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Committee OKs bill to limit Down Syndrome ‘genocide’

WASHINGTON (BP)–A Senate committee has passed legislation that could serve to reduce the killing of unborn children diagnosed with Down syndrome or other conditions.

The Senate Health, Education, Labor and Pensions Committee approved the Prenatally and Postnatally Diagnosed Conditions Awareness Act, S. 1810, by unanimous consent Feb. 27.

The measure seeks to address the lack of information and support reportedly given to parents whose unborn children are diagnosed with conditions such as Down syndrome.

It has been estimated about 90 percent of American children diagnosed in the womb with Down syndrome are aborted. A similar abortion percentage exists for unborn babies diagnosed with spina bifida, cystic fibrosis and dwarfism, according to the bill’s sponsor, Sen. Sam Brownback, R.-Kan.

“The effect of our abortion policy at this moment is that we are in the midst of a genocide of children with Down syndrome, cerebral palsy and other in utero genetic conditions that medical analysis can detect,” Brownback said in a commentary published in The Wichita Eagle in July, when he introduced the bill. “If we think there’s a chance the child may have a disability, too often he or she is killed in the womb, and the system seems to push it.”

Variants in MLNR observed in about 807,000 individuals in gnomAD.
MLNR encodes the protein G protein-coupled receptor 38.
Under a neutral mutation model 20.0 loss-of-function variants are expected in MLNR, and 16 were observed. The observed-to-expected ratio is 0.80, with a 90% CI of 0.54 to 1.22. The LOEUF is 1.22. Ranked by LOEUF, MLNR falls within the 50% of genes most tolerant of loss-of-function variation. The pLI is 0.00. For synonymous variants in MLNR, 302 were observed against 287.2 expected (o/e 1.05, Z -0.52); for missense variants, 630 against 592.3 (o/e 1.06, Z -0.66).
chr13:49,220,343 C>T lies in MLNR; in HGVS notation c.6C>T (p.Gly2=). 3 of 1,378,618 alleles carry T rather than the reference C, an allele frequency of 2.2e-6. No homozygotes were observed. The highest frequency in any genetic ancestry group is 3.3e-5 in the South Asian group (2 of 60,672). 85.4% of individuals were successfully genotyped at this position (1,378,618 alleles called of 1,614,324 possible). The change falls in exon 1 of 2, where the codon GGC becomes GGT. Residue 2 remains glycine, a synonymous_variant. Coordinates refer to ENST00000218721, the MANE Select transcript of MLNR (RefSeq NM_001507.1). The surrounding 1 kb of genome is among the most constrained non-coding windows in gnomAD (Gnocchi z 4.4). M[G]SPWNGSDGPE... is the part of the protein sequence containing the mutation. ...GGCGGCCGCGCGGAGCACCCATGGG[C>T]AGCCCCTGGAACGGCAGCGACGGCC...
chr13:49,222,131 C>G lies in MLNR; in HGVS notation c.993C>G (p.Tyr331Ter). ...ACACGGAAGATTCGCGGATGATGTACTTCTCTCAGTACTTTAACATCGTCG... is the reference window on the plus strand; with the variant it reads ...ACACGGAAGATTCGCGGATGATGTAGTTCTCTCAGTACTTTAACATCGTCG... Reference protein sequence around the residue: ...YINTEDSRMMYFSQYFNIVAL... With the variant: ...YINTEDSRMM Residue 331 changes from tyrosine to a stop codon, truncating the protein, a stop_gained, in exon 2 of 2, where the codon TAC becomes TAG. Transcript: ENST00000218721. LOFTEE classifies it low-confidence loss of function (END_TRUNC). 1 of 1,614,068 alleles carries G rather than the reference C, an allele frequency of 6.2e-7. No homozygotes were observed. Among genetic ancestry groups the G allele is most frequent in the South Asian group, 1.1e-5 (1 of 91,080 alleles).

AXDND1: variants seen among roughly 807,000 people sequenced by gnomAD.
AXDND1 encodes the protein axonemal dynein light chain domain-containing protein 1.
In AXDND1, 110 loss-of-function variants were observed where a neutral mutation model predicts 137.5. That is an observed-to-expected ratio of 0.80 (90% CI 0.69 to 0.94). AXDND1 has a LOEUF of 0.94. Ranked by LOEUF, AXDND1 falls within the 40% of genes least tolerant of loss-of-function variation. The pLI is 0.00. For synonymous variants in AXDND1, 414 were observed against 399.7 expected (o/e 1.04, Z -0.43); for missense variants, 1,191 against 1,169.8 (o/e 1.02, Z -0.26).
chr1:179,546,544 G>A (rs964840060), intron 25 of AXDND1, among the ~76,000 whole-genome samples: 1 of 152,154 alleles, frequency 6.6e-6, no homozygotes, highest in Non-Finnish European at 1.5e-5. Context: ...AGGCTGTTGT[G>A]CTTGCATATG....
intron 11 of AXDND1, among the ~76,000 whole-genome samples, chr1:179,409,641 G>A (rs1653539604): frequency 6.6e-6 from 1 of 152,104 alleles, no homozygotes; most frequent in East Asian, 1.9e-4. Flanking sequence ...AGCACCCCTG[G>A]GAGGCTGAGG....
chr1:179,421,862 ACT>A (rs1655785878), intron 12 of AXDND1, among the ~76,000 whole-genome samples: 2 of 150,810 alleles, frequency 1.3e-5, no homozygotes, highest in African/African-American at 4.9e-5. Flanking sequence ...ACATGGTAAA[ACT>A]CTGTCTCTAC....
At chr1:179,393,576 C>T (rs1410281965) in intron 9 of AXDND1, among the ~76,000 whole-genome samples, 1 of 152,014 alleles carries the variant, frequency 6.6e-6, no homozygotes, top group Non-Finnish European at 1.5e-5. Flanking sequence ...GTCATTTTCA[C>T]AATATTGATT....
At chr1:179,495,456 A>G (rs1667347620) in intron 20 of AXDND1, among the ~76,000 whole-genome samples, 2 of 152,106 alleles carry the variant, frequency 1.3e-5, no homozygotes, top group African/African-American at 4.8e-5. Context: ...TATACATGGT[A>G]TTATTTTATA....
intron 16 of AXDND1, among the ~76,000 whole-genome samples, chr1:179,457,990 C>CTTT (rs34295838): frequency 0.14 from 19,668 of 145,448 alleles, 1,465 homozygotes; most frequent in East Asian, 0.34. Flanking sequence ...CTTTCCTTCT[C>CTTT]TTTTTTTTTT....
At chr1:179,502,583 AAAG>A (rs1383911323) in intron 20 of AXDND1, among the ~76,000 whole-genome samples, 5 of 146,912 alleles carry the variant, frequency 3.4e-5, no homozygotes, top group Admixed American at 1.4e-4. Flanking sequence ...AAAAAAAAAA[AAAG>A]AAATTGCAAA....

The bill would require that parents whose children receive a diagnosis of Down syndrome or another impairment be provided with the latest information on the condition and be informed of support services available. This would apply to a diagnosis on a child before birth or until a year after birth. The measure also would establish a registry of families willing to adopt special needs children.

“It is difficult, sometimes overwhelming, for expecting parents to receive news that their unborn child may be born with a disability,” Brownback said in a written release after the committee’s action. “This legislation will help parents receiving such news by supplying them with current and reliable information about the many options available for caring for children with disabilities.”

The American College of Obstetricians and Gynecologists (ACOG) made a controversial recommendation in January 2007, recommending that all pregnant women, no matter their age, be offered testing for Down Syndrome. Previously, women 35 years and older were automatically offered testing for the condition, according to ACOG. Pro-life advocates decried the recommendation, saying it would increase the number of unborn Down syndrome children targeted for elimination.

Sen. Edward Kennedy, D.-Mass., is the lead cosponsor of the Brownback-authored bill.
Compiled by Tom Strode, Washington bureau chief for Baptist Press.

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